Friday, November 3, 2023

Cannabis on the Hudson

At its meeting in October, the Common Council passed a resolution in support of an application for a cannabis dispensary license submitted by Blaze NY LLC. One of the founders of Blaze NY is former Fourth Ward supervisor Bill Hughes, and it was Hughes who requested a resolution of support from the Common Council. From the discussion that preceded the introduction and vote on the resolution, Gossips gathered there were two other applicants seeking licenses to dispense cannabis in Hudson, and that no licenses had yet been issued in Hudson.

There has been no news on the success of Blaze NY or the other applicants in getting licensed, but earlier this week, a cannabis dispensary called Gotham opened in The Caboose, the newly reconstructed red barn at 60 South Front Street.

A week ago, the photo above and the following announcement appeared on Instagram:
Today is the day! Gotham lands in Hudson, right across from the Amtrak station. Open every Thursday thru Sunday, from 11 am to 7 pm. We can't wait to see you.
Yesterday, the following message appeared on Instagram, posted by @visithudsony.
It's the second week of @gotham.ny's legal cannabis pop-up, conveniently located at the brand new @thecaboosehudsonny right across from the Hudson AMTRAK station.
There you'll find a large selection of flower, edibles, apparel, products for the home, and skin/body care products, with an emphasis on locally produced and sustainable products. Whether you're a longtime budficionado or just trying your first toke, the friendly and approachable folks from Gotham will set you on the right path.
Gotham has a shop in New York City, at East 3rd Street and the Bowery. The shop here in Hudson is a pop-up, a temporary installation which will be in place until the end of the year. 

For more information about Gotham, visit their website:


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    1. Wowser— Alex Petraglia here, Hudson Business Coalition President and the one who manages our public-facing @visithudsonny social media accounts. I'm aware of Bill Hughes' work and application before the Council. When he has a physical storefront that's open to customers, I look forward to covering that one, too! I'm a 'Marijuana for All' kind of guy.

      Furthermore, lots of businesses that are owned by people you might consider 'essentially from NYC' employ lots and lots of long-term Hudson-area residents as well as relying on the labor of countless craftspeople who have lived here their whole lives.

    2. I lived over in Woodstock and moved to NYC to open my gallery business in 1987. In 2006 I moved it to Hudson. I have been here paying taxes for 17 years, so am I a local business, or a money hungry NYC invader? Does it matter where you were born or lived before coming to a place? If you are born in Hudson and move to another state or town, are you an invader? It seems to me the reason a lot of local businesses are not open during the week is because there are no customers, as you say the place is deserted. If these businesses were not committed to operating in and contributing to Hudson they would have left a long time ago. So your anger seems a bit misplaced.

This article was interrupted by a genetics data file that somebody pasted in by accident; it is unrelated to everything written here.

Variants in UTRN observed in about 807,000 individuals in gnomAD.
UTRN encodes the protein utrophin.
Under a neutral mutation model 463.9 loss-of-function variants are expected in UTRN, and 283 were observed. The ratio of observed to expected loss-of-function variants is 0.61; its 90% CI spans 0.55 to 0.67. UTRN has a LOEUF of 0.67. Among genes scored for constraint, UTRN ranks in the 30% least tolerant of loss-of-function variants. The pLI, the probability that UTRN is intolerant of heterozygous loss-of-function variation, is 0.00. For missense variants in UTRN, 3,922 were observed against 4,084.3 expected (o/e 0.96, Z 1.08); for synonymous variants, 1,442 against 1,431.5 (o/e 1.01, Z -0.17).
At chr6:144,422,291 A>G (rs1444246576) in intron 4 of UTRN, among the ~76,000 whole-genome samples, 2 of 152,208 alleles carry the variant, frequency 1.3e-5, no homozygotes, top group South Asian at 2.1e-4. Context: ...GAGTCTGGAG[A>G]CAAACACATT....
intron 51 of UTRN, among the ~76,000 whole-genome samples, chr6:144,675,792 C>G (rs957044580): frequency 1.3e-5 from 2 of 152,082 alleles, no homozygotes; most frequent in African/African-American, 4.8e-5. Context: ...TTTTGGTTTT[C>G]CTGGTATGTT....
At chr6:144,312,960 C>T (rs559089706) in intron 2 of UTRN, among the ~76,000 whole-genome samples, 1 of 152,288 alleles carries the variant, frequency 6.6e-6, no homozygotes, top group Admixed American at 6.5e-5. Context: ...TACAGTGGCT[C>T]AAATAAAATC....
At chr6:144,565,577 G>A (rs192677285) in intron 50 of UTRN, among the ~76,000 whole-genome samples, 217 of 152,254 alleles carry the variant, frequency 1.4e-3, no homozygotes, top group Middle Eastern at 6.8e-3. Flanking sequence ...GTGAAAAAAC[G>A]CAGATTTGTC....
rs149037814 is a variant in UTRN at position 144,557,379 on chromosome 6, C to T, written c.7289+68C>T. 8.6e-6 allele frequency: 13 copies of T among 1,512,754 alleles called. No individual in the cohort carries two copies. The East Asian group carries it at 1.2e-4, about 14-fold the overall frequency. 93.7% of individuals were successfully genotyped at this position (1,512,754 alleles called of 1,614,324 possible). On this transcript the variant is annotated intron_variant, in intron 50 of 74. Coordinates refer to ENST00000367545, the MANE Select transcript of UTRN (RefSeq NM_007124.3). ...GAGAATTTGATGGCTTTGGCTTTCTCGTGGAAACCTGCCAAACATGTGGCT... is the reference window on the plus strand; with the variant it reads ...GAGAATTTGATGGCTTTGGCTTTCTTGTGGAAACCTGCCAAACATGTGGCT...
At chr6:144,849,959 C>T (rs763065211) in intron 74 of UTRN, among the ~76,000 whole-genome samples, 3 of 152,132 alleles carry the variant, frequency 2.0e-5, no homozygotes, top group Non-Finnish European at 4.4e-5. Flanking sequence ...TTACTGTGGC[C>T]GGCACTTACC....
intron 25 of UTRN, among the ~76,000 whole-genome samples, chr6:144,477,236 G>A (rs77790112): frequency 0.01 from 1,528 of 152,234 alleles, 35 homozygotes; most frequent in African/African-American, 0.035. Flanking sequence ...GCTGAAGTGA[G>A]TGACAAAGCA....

2. Wowser, new arrivals from NYC and elsewhere didn't push anyone out. I first saw Hudson in 1982, and it was a god-forsaken wasteland that was in dire need of some new investment energy. The locals had given up on their own community and went shopping at the big box stores on Fairview Ave. and elsewhere. Hudson was an embarrassment, a collapsed post-industrial nightmare in desperate need of fresh blood and better political leadership.

    Mom-and Pop stores are having difficulty all over the country, not just in Hudson, as the predatory corporate sector has figured out how to rob small communities of their wealth.

    If the new people that you resent were to pull out now, Hudson would lose its tax base and would return to its status as a sad little upstate dump.

    And, it's worth considering that every plumber, electrician, carpenter, roofer, mason and other tradesman is fully busy and working for good wages due to all the new investment in the city. You might not like what's going on in Hudson at the moment, but I've seen the alternative, and it was ugly.

  3. Jesus. Everything gets someone’s panties bunched. Smoke a number and take a deep breath — the pop-ups terminate on 12/31 per the regulations that created them. Poor Billy Hughes ain’t having his lunch eaten by anyone. Yet. Like all those rushing to try and make an agricultural commodity into a value-added product on the basis of its “newness,” he will likely be bankrupt or rolled up (no pun intended) within 3 years. Let me know if you need a roach clip.

  4. Hello everyone, NYS had 2 licensing processes, the first being CAURD - conditional adult use retail dispensary and now general adult use licensing. My company couldn't apply for CAURD because no one on my team is justice impacted. My team has patiently waited, like many others, to apply for a general adult use retail dispensary license. I went to get City Council support to show my team is committed to Hudson and the County as a whole although OCM - Office of Cannabis Management doesn't require us to do so. We certainly want to thank the City Council and Mayor's office for supporting our efforts to get licensed. We will be submitting our application this week, the window to file an application closes on November 17th. As to the pop-ups, my team supports what they are doing. The pop-ups are providing a needed avenue for struggling farmers to sell their products before they go bad. We are not opposed to the pop-ups at all, once my team is licensed, then, we expect everyone in the Hudson market to be held to the same standards put in place by OCM. Until then, we say, toke and enjoy! Blaze is coming, we will be hiring locally and giving back.